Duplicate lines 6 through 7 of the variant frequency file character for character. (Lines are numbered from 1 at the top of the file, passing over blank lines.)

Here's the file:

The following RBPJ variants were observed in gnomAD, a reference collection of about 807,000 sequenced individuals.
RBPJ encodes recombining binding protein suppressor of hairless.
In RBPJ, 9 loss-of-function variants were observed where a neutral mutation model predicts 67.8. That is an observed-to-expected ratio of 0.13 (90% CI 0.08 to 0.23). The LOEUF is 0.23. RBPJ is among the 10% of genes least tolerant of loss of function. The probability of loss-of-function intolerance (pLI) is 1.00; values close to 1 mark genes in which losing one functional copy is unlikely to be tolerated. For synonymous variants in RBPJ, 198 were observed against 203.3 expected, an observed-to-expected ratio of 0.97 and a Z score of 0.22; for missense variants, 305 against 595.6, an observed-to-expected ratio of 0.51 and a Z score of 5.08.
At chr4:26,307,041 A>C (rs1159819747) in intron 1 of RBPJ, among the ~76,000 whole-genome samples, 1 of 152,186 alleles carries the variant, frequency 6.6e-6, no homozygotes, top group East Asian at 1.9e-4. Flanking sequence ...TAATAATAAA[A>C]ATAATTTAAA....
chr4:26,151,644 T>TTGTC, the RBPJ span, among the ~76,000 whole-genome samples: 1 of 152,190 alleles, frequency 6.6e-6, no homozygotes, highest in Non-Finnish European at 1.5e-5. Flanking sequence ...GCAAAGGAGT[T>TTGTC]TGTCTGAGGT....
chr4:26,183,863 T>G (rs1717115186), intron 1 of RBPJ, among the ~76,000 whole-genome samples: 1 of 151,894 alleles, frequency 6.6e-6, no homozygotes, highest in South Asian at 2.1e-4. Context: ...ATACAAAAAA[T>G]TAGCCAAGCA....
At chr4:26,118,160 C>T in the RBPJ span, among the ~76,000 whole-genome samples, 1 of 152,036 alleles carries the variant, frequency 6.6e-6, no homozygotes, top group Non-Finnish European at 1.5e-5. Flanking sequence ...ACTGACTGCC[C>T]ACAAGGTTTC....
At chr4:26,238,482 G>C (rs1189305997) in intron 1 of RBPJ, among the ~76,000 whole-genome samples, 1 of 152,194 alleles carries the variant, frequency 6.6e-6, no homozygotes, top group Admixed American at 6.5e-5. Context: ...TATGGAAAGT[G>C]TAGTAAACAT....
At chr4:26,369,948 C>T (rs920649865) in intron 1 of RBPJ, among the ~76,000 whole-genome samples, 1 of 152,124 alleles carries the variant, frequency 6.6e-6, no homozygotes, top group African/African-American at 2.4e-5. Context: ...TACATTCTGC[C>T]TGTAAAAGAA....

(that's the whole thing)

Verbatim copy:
chr4:26,183,863 T>G (rs1717115186), intron 1 of RBPJ, among the ~76,000 whole-genome samples: 1 of 151,894 alleles, frequency 6.6e-6, no homozygotes, highest in South Asian at 2.1e-4. Context: ...ATACAAAAAA[T>G]TAGCCAAGCA....
At chr4:26,118,160 C>T in the RBPJ span, among the ~76,000 whole-genome samples, 1 of 152,036 alleles carries the variant, frequency 6.6e-6, no homozygotes, top group Non-Finnish European at 1.5e-5. Flanking sequence ...ACTGACTGCC[C>T]ACAAGGTTTC....